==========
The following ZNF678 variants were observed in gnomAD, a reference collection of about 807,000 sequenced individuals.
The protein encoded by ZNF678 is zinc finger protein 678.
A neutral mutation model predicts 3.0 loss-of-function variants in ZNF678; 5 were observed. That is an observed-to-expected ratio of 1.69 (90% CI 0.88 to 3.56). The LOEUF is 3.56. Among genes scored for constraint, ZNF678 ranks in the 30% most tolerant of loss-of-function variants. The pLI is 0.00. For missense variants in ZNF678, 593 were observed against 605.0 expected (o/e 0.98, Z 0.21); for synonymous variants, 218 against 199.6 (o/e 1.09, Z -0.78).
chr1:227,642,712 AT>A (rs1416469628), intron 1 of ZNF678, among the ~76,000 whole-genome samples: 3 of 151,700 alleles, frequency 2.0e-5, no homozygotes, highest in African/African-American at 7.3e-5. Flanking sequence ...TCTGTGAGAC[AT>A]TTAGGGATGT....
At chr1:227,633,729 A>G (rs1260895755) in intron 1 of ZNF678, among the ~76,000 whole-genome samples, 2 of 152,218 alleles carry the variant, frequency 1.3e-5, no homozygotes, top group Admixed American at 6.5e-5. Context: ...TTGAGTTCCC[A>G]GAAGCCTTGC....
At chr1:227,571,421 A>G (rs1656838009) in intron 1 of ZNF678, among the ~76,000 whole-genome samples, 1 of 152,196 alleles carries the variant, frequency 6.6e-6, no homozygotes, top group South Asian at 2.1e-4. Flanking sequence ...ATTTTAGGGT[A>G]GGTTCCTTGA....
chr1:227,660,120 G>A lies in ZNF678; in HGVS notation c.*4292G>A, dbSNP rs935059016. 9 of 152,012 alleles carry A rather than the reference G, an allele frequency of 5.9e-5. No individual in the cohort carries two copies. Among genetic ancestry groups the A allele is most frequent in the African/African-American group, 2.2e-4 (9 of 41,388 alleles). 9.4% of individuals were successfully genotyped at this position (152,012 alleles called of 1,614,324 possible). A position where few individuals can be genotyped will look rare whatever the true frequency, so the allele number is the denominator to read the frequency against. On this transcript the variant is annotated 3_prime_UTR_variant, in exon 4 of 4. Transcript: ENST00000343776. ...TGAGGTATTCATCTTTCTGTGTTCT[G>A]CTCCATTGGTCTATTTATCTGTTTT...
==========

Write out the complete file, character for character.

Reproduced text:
The following ZNF678 variants were observed in gnomAD, a reference collection of about 807,000 sequenced individuals.
The protein encoded by ZNF678 is zinc finger protein 678.
A neutral mutation model predicts 3.0 loss-of-function variants in ZNF678; 5 were observed. That is an observed-to-expected ratio of 1.69 (90% CI 0.88 to 3.56). The LOEUF is 3.56. Among genes scored for constraint, ZNF678 ranks in the 30% most tolerant of loss-of-function variants. The pLI is 0.00. For missense variants in ZNF678, 593 were observed against 605.0 expected (o/e 0.98, Z 0.21); for synonymous variants, 218 against 199.6 (o/e 1.09, Z -0.78).
chr1:227,642,712 AT>A (rs1416469628), intron 1 of ZNF678, among the ~76,000 whole-genome samples: 3 of 151,700 alleles, frequency 2.0e-5, no homozygotes, highest in African/African-American at 7.3e-5. Flanking sequence ...TCTGTGAGAC[AT>A]TTAGGGATGT....
At chr1:227,633,729 A>G (rs1260895755) in intron 1 of ZNF678, among the ~76,000 whole-genome samples, 2 of 152,218 alleles carry the variant, frequency 1.3e-5, no homozygotes, top group Admixed American at 6.5e-5. Context: ...TTGAGTTCCC[A>G]GAAGCCTTGC....
At chr1:227,571,421 A>G (rs1656838009) in intron 1 of ZNF678, among the ~76,000 whole-genome samples, 1 of 152,196 alleles carries the variant, frequency 6.6e-6, no homozygotes, top group South Asian at 2.1e-4. Flanking sequence ...ATTTTAGGGT[A>G]GGTTCCTTGA....
chr1:227,660,120 G>A lies in ZNF678; in HGVS notation c.*4292G>A, dbSNP rs935059016. 9 of 152,012 alleles carry A rather than the reference G, an allele frequency of 5.9e-5. No individual in the cohort carries two copies. Among genetic ancestry groups the A allele is most frequent in the African/African-American group, 2.2e-4 (9 of 41,388 alleles). 9.4% of individuals were successfully genotyped at this position (152,012 alleles called of 1,614,324 possible). A position where few individuals can be genotyped will look rare whatever the true frequency, so the allele number is the denominator to read the frequency against. On this transcript the variant is annotated 3_prime_UTR_variant, in exon 4 of 4. Transcript: ENST00000343776. ...TGAGGTATTCATCTTTCTGTGTTCT[G>A]CTCCATTGGTCTATTTATCTGTTTT...